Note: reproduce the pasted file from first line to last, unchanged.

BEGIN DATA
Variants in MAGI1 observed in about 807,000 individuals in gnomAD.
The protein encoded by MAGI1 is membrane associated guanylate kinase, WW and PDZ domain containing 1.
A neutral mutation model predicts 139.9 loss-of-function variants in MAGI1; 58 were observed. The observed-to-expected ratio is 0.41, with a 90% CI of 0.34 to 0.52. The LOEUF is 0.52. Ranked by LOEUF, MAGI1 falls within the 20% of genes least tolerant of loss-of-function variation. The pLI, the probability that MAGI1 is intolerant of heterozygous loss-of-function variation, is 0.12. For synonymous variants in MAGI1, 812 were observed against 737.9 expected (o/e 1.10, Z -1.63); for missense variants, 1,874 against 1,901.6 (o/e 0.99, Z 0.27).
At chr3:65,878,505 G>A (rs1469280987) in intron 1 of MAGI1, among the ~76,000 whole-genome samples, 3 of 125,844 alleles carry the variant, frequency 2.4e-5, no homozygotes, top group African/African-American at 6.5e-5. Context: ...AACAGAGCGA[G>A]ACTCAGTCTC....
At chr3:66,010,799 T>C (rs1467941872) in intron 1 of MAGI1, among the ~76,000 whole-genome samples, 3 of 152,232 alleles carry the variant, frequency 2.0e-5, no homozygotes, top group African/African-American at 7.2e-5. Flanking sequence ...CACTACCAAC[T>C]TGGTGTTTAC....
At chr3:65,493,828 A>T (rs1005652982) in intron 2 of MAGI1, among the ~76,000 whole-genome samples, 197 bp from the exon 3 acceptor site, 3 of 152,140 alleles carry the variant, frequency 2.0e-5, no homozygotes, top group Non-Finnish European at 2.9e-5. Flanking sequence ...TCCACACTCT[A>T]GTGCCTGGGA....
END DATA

Variants in MAGI1 observed in about 807,000 individuals in gnomAD.
The protein encoded by MAGI1 is membrane associated guanylate kinase, WW and PDZ domain containing 1.
A neutral mutation model predicts 139.9 loss-of-function variants in MAGI1; 58 were observed. The observed-to-expected ratio is 0.41, with a 90% CI of 0.34 to 0.52. The LOEUF is 0.52. Ranked by LOEUF, MAGI1 falls within the 20% of genes least tolerant of loss-of-function variation. The pLI, the probability that MAGI1 is intolerant of heterozygous loss-of-function variation, is 0.12. For synonymous variants in MAGI1, 812 were observed against 737.9 expected (o/e 1.10, Z -1.63); for missense variants, 1,874 against 1,901.6 (o/e 0.99, Z 0.27).
At chr3:65,878,505 G>A (rs1469280987) in intron 1 of MAGI1, among the ~76,000 whole-genome samples, 3 of 125,844 alleles carry the variant, frequency 2.4e-5, no homozygotes, top group African/African-American at 6.5e-5. Context: ...AACAGAGCGA[G>A]ACTCAGTCTC....
At chr3:66,010,799 T>C (rs1467941872) in intron 1 of MAGI1, among the ~76,000 whole-genome samples, 3 of 152,232 alleles carry the variant, frequency 2.0e-5, no homozygotes, top group African/African-American at 7.2e-5. Flanking sequence ...CACTACCAAC[T>C]TGGTGTTTAC....
At chr3:65,493,828 A>T (rs1005652982) in intron 2 of MAGI1, among the ~76,000 whole-genome samples, 197 bp from the exon 3 acceptor site, 3 of 152,140 alleles carry the variant, frequency 2.0e-5, no homozygotes, top group Non-Finnish European at 2.9e-5. Flanking sequence ...TCCACACTCT[A>T]GTGCCTGGGA....